Once again, Vikram returned to the tree, got down the corpse, threw it across his shoulder and began to walk towards the burial ground. The Bethal of the corpse said to him, “I’m quite sorry to have put you to all this trouble, O King! Let me tell you a queer story so you’ll forget the strain of your endeavours.” And he began the following tale:
There was a particular merchant in a city called Tamra-lipti. He had a daughter named Dhana- vati. When she was old enough to be married, her father began searching for a suitable young man. But these efforts were cut short by an illness, resulting in the merchant dying.
At the time of his untimely death, the merchant had very few assets and huge debts. His wife, who wanted all her jewellery to go to her daughter, was naturally afraid that the creditors would seize it. So, one night, she made a bundle of all her ornaments and started for another country, taking her daughter along with her.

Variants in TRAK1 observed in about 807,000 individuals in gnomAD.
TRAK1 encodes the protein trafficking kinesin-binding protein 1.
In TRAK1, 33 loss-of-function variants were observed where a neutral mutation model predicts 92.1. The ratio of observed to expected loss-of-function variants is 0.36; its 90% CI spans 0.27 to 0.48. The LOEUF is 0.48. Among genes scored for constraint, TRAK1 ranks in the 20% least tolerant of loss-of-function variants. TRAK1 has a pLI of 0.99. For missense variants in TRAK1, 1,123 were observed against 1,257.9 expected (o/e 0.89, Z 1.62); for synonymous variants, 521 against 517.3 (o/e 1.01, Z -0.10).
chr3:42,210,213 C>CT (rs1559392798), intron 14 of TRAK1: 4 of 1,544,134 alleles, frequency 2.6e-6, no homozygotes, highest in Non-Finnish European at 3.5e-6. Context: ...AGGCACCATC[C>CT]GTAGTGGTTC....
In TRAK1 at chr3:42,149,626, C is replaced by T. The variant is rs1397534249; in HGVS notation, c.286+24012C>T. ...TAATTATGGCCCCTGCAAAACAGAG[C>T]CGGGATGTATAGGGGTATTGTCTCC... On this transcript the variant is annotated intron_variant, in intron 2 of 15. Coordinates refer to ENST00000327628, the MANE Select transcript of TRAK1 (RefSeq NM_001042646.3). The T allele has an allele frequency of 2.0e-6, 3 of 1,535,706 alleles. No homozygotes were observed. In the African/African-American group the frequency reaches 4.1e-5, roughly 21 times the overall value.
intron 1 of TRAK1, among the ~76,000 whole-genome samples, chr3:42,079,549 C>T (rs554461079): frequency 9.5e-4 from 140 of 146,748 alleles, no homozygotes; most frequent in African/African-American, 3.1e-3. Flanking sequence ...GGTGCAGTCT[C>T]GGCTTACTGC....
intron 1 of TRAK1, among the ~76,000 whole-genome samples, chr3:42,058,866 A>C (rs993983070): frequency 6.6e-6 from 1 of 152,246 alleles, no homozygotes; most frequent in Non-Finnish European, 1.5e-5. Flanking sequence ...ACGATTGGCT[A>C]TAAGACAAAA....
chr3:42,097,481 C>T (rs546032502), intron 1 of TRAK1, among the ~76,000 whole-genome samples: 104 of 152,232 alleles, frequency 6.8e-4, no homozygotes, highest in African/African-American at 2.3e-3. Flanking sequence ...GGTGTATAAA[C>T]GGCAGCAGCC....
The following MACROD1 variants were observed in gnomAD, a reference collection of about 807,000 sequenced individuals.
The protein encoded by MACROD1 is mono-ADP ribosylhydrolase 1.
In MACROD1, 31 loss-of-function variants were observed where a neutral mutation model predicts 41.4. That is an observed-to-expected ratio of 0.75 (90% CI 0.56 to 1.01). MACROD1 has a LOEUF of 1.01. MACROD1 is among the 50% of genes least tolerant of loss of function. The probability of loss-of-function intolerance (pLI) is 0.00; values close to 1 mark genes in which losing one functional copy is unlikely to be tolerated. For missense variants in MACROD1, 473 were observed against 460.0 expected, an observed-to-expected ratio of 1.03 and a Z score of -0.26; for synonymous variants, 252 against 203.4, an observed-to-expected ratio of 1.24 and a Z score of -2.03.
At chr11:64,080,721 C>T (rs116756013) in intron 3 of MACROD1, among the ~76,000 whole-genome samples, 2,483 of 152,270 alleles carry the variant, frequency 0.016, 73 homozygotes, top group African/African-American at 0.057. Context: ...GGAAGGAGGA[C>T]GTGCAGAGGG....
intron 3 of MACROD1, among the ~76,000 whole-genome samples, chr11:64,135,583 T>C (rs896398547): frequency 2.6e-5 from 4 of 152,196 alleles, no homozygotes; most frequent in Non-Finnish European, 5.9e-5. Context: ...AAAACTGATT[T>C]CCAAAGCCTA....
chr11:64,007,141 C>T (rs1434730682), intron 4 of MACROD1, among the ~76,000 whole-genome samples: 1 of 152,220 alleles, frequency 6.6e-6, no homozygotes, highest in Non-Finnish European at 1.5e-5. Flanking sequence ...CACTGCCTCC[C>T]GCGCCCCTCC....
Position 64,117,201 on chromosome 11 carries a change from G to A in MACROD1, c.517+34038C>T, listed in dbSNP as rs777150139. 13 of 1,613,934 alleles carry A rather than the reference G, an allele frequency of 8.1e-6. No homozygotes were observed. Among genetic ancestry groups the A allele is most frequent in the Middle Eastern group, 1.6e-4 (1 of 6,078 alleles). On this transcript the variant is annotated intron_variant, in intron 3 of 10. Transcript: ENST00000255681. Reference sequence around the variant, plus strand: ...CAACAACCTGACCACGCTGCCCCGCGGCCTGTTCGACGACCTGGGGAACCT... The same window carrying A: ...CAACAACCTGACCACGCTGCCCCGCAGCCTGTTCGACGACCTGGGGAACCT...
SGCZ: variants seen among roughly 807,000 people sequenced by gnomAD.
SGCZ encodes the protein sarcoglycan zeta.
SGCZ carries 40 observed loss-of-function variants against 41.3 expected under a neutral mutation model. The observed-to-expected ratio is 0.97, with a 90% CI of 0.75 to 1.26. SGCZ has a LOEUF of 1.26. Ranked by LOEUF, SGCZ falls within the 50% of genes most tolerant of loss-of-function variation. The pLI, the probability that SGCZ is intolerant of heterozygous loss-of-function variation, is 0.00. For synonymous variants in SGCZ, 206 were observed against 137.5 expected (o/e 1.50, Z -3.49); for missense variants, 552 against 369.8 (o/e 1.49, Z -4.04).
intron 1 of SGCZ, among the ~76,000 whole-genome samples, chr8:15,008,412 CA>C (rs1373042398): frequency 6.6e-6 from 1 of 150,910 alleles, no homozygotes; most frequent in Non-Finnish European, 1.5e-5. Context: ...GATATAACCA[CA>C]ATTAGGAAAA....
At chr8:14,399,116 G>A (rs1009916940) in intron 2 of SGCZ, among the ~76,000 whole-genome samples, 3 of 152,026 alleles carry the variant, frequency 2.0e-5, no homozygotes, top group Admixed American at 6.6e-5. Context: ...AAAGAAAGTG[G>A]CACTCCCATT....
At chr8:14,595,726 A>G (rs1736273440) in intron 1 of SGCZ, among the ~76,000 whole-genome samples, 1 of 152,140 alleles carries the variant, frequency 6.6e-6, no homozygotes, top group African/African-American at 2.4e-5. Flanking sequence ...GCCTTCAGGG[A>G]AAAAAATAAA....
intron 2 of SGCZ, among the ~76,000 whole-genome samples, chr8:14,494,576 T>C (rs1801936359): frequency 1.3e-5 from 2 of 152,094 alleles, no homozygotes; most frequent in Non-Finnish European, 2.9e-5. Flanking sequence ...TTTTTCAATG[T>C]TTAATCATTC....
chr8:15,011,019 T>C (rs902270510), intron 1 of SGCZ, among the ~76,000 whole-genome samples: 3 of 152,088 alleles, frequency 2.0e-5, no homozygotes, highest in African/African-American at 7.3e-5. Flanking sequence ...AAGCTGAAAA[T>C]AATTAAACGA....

They made their way out of the city and across the burial ground in the dark. At one place, a thief was impaled that evening, and the older woman, not seeing him, knocked against the dying thief. In great pain, the thief whimpered, “Who is it that tortures a dying man?”
“I didn’t see you in the dark, my man,” the lady regretfully said.
“Who are you?” the thief asked. “Where are you going?”
“I am a merchant’s wife. This is my daughter. My husband has died, and I am searching for a proper husband for my daughter.”